But if you want God to change people’s thinking and set their mind straight, get them in touch with the blessed Lord. Let their lives be yielded, body, soul, and spirit. Romans 12:1-2, “Yielded body, soul, and spirit to their Lord.” And then, see what God will do, in what Paul calls, “The renewing of their mind, so that they’ll be able to prove what is good, and acceptable, and perfect, namely the will of God.” Now, he talks about people who are unruly, ‘unruly.’ Well, you know what that means in English, unmanageable, out of line. In the Greek, it means out of rank. People, like soldiers who’ve broken rank, who’ve either deserted, or who are out of step, at least. They’re out of ranks. Now, he says, “You help ’em to get straight.” What’s involved in helping a person to get straight, who has gotten out of step? Maybe he’s gotten offended at something in the church. Maybe somebody has hurt him or her deeply, and so they’re staying away from the services, and sulking, and grieving. Or maybe they’ve backslidden, and gone back to the old habits of sin. Well, I don’t know what’s happened, but they’re out of step. Now, what do you do about it? Number one, you love them. You get with them and you show them love. Don’t lecture. Don’t lecture. Don’t preach to them. They get enough of that. Get with ’em and show them that you care about the individual, that you care about them. Get with them. Show them love.
Second, encourage them, maybe with you, to get into activity that honors the Lord. I’ve been greatly encouraged, on occasion, by people who took me on an errand or a trip with them. Said, “Come on, Cook, you wanna go along?” Well, sure, I’ll go along. And so in the process, there was a chance to talk with one of God’s saints, and there was a chance to see the Lord work in somebody else’s life, as we reached the destination toward which we were going. So take them with you, and involve them as quickly and easily as you can, in something positive that honors the Lord. There is a therapeutic value in getting active in something that honors the Lord. As quickly as you can, you establish rapport with this person who’s out of step, and you show them real Christian love, and you encourage them with you, probably, in your company, to get active in something that will help to kindle the old fire once again. Don’t let them go off in a corner, and sulk, and just rot inwardly. You get them going. This is all part of dealing with people who are out of step. Warn the unruly.
And that job never ceases. It’s in the linear sense there. Keep on, do it, and keep on doing it, is the way you read that Greek New Testament word. Now, what else are you supposed to do? Comfort the feeble-minded. Now, when we use ‘feeble-minded,’ now, we speak of a person who isn’t wrapped, as they say in Brooklyn, isn’t wrapped too tight. This word, it goes a good deal farther than that. Actually, it’s an interesting word. It’s a compound, again, of two words, ‘oligos,’ which means little or few, and ‘psuchos,’ which means mind, little mind, small mind, people who don’t have too much capacity, and who thus gets shaken up with the things that are happening. Comfort those who are of little soul. Is there any hope for people who are small-caliber people? Small-souled people? Any hope for them in God’s work? Why, of course. There, again, you don’t change them by lecturing them and saying, “Listen, you ought to have a bigger vision. You ought to pay more attention to the big picture, instead of being lost in the small details.” That isn’t gonna help them, just make them angry. How do you do it? You begin, lovingly, to involve them in something bigger than themselves.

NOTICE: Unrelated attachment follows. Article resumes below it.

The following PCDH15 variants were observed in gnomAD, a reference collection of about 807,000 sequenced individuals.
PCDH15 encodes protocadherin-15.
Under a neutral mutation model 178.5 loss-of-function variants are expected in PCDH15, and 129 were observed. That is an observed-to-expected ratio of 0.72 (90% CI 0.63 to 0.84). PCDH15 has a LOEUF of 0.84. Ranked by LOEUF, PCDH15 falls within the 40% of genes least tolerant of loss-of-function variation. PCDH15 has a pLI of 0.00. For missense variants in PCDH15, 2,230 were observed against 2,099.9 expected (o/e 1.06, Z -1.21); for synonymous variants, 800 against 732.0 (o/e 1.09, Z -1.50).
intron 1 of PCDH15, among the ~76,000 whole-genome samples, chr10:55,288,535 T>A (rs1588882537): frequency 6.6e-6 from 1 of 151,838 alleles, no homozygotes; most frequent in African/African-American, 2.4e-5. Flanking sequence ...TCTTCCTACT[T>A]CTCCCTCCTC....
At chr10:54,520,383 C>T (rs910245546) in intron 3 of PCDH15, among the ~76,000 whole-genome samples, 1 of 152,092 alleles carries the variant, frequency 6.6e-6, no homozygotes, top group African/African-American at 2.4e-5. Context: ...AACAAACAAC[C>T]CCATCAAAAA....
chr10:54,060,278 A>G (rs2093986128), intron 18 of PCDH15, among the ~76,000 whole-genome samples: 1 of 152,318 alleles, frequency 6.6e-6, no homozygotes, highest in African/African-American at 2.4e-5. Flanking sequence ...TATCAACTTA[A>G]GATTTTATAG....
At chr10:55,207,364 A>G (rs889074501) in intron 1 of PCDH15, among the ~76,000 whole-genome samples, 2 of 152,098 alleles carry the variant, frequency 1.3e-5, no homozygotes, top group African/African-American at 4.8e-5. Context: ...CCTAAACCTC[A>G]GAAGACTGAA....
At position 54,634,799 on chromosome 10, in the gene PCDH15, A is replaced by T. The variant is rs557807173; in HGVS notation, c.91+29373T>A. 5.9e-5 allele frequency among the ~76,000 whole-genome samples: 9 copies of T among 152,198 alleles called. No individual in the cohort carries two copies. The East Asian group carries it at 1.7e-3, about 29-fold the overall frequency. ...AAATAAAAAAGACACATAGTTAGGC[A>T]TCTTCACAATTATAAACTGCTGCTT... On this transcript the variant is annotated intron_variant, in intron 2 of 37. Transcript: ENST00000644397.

The key to growth in Christian things, is getting involved in something outside of your own concerns. I, me, and mine need to be taken care of, and dropped out of your praying, so you get to praying for other people, and helping with other people. He says, “Comfort them.” Now, see that word ‘comfort,’ is a word that means what you do when you visit somebody who’s in deep sorrow. What do you do when you go to a place where death has entered and there’s deep sorrow? Well, first of all, you be there. Your presence means something. Be there. Second, you show love, and sympathy, and concern. And that’s exactly what you’re supposed to do with people, who seem to be of small soul. Get with them. Show love, and sympathy, and concern for them as they are, and then get them involved in something bigger than themselves, so they can grow a little in the Lord. Good idea? Well, we’ll take up some more out of this 14th Verse of First Thessalonians Five the next time we get together.
Father God, today, oh, may we be people who are helping others, by getting them involved in your will. In Jesus’ name, Amen. ‘Til I meet you, once again, by way of radio, Walk With the King today and be a blessing.